Syria's civil war has become a wretchedly complicated problem. As the parties prepare to meet in Geneva for the second round of United Nations-sponsored peace talks, the government has launched vicious barrel-bomb attacks on Aleppo and other cities; more moderate rebel groups, including the Free Syrian Army, are openly at war with Al Qaeda affiliates; and Al Qaeda-linked groups are now fighting among themselves.
Meanwhile, the war's spill over effects are worsening. The fighting has heightened instability in the region; US and European citizens are streaming into Syria to take up the fight; and there is a growing consensus that the post-World War I Middle East boundaries are coming undone.
Indeed, the viability of Syria, a multi-ethnic state, is being threatened by multiple armed groups supported by external sponsors who themselves have conflicting aims. Here are three ways to simplify the equation and maximize the chances that the parties to the Geneva II peace conference will be able to agree on more than the desirability of someday holding a Geneva III.
First, the most important contribution that this conference can make to the possibility of a negotiated settlement and a political transition in Syria is to change the principal parties' incentives. In the run-up to Geneva II, each party has sought to strengthen its hand at the negotiating table by killing as many adversaries and holding or regaining as much ground as possible. The task now for would-be peace brokers is to halt that dynamic by agreeing on criteria for participation in whatever elections will eventually be held, regardless of whether President Bashar Al Assad remains in power until then.
Those criteria must include the parties' willingness to allow humanitarian aid to flow to all Syrian civilians under their control and an end to war crimes and crimes against humanity, including systematic targeting of medical personnel, starvation of populations under siege, and executions of war prisoners. Here the UN must reaffirm its "responsibility to protect" doctrine, not as a justification for military intervention, but as a fundamental principle agreed by all countries: governments must protect their citizens.
If Assad's Ba'ath party cannot uphold that responsibility, it forfeits its own legitimacy as a participant in any future government. Second, the international community must re-establish the basis for its engagement. When the Syrian conflict began, it was an internal matter, with UN involvement limited to humanitarian and refugee issues. But now the conflict has spread across the Middle East, destabilising Lebanon and Jordan and threatening to fracture Iraq. The UN Security Council is charged with addressing breaches or threats to international peace, a criterion that is now clearly met. As a permanent member of the Security Council, Russia thus has an obligation to act; it (and China) can no longer hide behind the argument that the UN should not be engaged in Syria's internal affairs. At a time when the Winter Olympic Games in Sochi put Russia squarely on the international stage, the US and other Security Council members should plan a series of resolutions that confront the Kremlin with the choice of meeting its responsibility or applying its own leverage to bring the conflict to an end.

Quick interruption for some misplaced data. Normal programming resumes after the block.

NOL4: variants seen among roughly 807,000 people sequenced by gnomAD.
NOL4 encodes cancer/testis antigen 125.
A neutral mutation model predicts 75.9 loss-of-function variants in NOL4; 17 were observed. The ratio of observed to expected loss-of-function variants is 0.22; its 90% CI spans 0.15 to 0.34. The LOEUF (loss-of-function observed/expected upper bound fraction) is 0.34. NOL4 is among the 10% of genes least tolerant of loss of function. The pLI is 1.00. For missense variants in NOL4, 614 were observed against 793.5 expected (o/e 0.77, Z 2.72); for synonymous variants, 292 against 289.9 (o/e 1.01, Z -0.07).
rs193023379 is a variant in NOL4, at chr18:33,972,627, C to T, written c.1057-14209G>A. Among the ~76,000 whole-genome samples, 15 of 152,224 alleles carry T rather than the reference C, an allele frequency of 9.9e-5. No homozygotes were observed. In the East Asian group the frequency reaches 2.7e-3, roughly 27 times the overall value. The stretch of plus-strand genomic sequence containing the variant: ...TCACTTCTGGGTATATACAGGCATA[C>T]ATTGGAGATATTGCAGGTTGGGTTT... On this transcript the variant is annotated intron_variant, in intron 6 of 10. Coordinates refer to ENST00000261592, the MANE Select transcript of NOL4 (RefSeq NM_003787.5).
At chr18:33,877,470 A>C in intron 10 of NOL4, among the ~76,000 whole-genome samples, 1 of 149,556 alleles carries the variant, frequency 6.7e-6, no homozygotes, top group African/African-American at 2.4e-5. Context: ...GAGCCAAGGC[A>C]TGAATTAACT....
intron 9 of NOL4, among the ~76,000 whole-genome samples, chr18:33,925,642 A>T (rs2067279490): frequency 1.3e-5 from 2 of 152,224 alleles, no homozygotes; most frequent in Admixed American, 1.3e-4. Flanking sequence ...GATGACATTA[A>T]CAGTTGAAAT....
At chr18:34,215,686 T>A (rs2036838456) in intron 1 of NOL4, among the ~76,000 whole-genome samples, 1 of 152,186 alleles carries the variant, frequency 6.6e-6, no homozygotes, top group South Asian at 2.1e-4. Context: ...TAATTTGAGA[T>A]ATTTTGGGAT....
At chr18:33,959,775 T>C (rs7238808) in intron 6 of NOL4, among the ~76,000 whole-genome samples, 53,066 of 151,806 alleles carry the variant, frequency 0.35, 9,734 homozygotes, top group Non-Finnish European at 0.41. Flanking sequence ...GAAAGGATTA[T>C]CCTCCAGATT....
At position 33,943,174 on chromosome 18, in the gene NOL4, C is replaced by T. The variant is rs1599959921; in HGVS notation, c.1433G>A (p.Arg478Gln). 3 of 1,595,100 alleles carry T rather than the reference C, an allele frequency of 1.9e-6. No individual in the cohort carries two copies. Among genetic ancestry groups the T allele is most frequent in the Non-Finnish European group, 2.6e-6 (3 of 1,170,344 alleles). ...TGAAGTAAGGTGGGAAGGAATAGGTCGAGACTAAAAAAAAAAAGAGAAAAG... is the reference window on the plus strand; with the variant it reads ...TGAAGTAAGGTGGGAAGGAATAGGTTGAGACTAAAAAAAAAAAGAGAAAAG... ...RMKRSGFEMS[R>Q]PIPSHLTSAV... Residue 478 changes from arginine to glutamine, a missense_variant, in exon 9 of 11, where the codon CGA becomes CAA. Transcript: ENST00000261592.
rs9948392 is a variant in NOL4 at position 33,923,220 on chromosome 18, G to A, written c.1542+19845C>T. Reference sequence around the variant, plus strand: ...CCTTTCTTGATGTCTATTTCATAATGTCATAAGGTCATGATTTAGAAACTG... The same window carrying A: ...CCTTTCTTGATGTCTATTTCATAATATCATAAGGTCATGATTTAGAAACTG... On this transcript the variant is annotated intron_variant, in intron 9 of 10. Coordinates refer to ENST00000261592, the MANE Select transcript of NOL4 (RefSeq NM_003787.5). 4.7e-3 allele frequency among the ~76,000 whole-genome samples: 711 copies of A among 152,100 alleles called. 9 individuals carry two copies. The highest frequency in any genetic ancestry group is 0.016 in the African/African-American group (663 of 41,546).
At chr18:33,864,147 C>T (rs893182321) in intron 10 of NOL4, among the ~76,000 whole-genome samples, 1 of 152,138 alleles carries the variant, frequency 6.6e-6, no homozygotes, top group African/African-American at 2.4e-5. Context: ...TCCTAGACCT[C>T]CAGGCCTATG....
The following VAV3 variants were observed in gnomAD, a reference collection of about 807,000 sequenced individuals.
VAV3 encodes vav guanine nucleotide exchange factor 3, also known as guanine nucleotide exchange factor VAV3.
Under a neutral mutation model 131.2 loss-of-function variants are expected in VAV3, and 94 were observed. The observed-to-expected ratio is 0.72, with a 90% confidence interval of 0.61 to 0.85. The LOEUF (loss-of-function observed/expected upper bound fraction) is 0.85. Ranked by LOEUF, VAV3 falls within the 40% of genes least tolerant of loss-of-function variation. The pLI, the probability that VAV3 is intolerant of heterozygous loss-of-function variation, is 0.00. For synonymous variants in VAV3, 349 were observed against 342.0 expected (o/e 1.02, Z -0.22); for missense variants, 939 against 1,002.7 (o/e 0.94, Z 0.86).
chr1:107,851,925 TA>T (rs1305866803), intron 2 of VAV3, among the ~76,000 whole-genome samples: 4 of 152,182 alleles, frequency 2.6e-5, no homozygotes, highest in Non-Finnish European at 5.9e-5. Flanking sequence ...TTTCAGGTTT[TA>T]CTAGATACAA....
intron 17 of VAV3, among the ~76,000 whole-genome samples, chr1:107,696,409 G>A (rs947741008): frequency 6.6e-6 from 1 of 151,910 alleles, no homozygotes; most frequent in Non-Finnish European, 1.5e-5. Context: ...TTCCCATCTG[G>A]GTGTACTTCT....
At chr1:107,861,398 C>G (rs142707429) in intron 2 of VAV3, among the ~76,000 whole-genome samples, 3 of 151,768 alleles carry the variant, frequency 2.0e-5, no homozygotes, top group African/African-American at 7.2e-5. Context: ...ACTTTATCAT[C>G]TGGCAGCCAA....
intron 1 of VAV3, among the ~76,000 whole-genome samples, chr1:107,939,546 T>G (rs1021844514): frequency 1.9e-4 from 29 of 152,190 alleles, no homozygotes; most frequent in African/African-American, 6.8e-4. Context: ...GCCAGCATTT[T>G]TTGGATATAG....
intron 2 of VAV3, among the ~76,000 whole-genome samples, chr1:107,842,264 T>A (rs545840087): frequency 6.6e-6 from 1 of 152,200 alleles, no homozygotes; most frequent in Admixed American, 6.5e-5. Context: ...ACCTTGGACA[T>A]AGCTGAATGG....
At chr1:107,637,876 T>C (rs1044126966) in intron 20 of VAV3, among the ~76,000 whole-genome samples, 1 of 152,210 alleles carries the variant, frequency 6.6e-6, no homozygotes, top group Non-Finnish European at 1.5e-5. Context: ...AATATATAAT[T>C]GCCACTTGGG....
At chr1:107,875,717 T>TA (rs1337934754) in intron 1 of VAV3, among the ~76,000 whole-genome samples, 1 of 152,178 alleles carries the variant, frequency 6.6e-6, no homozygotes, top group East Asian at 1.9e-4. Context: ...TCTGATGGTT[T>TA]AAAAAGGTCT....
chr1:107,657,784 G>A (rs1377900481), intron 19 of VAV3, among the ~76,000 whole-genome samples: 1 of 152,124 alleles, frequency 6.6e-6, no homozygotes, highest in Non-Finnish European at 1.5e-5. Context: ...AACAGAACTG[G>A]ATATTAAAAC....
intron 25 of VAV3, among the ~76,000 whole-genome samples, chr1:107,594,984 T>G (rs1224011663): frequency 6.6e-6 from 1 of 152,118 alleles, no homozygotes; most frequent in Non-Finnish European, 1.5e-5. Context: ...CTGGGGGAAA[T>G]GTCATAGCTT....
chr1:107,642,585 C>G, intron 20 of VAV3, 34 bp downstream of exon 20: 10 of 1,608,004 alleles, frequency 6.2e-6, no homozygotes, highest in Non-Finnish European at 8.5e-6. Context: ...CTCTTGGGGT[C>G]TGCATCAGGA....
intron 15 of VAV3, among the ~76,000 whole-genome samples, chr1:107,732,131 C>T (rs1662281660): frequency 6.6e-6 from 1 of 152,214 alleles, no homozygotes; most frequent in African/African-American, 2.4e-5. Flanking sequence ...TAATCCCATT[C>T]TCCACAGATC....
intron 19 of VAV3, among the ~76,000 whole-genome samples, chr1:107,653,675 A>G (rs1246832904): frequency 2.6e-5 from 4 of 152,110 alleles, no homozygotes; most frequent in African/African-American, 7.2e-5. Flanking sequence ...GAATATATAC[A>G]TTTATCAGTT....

Finally, the single most important step that US President Barack Obama could take is to put the credible threat of force back on the table. In three years of increasingly bloody conflict, the only diplomatic success was achieved when Assad believed that he faced US missile strikes. He suddenly saw the desirability of getting rid of his chemical weapons. But most experts believe that military force is off the table. The US public sharply rejected Obama's planned missile strikes to punish Assad for the repeated use of chemical weapons, and a recent Pew poll indicates that a majority of Americans believe that the US "should mind its own business internationally and let other countries get along the best they can on their own."
Obama's job, however, is to look beyond opinion polls, particularly when it comes to safeguarding national security. The US has withdrawn from Afghanistan and Iraq, but the gains so painfully won are being reversed. Al Qaeda is back and is fighting for its own proto-state in western Iraq and eastern Syria, which is far closer to Europe and the US than the caves of Afghanistan. Perhaps Obama thinks that he or his successor can deal with that threat down the road. If Al Qaeda operatives begin threatening the US from the Islamic State of Iraq and Syria, the US will just take them out with drones, as it has done in Afghanistan, Pakistan, and Yemen. But if he is willing to contemplate using force against Al Qaeda without international authorisation in the future, why not use drones now to strengthen the moderate Syrian opposition and force Assad into serious negotiations?
Obama should announce that the US is committed to a political solution in Syria, and that his government will do whatever it can to bring about such a solution through the peace conference and follow-up action. But if a ceasefire has not been achieved in the next three months, the US should work with regional organisations and all friends of the Syrian people to authorize a set of military strikes on Al Qaeda-linked forces and on the killing machine that Assad's government has aimed at civilians.
After all, if Geneva II fails, Geneva III will not be about Syria alone. It will be about how to end a war raging across the entire Middle East.